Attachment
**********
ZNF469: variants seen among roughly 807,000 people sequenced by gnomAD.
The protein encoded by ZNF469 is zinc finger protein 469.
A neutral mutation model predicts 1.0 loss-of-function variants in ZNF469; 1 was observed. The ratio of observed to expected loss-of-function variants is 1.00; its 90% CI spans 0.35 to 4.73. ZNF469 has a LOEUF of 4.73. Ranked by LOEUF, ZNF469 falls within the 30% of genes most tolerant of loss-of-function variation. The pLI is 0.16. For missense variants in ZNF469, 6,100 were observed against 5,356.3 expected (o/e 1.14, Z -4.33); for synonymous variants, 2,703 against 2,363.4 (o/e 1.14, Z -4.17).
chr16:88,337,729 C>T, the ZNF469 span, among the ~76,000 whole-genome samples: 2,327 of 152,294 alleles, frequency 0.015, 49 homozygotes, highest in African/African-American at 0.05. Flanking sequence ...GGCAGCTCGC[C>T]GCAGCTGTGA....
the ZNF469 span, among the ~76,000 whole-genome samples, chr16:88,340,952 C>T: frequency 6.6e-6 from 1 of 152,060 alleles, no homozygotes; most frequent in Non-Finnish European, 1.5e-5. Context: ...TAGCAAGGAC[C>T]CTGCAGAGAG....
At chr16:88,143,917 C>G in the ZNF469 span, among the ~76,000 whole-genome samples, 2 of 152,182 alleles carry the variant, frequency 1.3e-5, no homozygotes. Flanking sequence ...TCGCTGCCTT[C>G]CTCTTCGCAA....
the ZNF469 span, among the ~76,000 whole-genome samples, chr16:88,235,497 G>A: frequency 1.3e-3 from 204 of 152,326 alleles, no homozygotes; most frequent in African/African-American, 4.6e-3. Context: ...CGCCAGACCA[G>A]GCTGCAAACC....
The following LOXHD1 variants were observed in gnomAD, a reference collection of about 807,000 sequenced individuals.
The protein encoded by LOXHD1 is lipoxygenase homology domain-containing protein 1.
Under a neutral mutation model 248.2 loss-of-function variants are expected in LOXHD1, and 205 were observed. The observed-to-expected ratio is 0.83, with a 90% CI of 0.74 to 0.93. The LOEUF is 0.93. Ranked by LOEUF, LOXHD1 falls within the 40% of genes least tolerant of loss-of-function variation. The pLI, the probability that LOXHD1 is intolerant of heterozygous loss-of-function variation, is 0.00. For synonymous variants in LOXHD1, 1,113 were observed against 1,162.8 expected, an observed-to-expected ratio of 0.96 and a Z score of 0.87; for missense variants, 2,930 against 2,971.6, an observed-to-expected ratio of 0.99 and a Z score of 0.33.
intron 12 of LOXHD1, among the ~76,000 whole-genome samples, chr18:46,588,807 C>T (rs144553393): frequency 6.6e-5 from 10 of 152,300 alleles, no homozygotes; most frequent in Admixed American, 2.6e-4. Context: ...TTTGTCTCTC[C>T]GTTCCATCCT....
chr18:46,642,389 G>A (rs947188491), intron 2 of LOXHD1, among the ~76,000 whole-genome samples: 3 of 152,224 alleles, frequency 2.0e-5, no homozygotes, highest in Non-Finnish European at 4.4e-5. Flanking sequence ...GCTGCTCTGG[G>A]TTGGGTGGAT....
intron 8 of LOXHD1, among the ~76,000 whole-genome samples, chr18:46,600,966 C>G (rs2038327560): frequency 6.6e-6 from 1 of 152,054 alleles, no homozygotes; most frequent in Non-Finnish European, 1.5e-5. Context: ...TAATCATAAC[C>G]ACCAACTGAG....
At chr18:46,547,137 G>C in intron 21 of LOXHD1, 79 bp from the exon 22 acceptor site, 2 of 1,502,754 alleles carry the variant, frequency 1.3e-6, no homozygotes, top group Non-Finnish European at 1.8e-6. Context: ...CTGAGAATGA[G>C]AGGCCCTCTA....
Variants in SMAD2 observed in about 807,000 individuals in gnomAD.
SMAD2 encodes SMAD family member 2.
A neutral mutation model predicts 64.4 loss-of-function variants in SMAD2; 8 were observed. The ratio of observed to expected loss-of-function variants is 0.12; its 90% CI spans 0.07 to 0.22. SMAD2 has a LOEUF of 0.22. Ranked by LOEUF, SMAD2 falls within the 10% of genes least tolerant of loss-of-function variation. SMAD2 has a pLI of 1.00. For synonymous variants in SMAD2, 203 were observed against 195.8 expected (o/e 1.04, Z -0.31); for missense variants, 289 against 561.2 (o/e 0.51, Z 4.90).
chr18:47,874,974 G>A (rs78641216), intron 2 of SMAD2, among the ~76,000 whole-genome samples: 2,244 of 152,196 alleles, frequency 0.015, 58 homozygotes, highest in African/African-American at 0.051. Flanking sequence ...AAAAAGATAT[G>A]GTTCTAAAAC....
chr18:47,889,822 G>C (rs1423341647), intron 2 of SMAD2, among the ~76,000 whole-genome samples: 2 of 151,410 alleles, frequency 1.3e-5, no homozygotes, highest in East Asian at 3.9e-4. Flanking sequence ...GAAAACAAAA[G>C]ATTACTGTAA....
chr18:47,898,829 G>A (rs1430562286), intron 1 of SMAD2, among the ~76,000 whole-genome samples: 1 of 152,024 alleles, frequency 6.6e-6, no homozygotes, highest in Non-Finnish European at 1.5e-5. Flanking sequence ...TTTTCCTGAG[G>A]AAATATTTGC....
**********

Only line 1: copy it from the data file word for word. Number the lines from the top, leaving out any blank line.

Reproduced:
ZNF469: variants seen among roughly 807,000 people sequenced by gnomAD.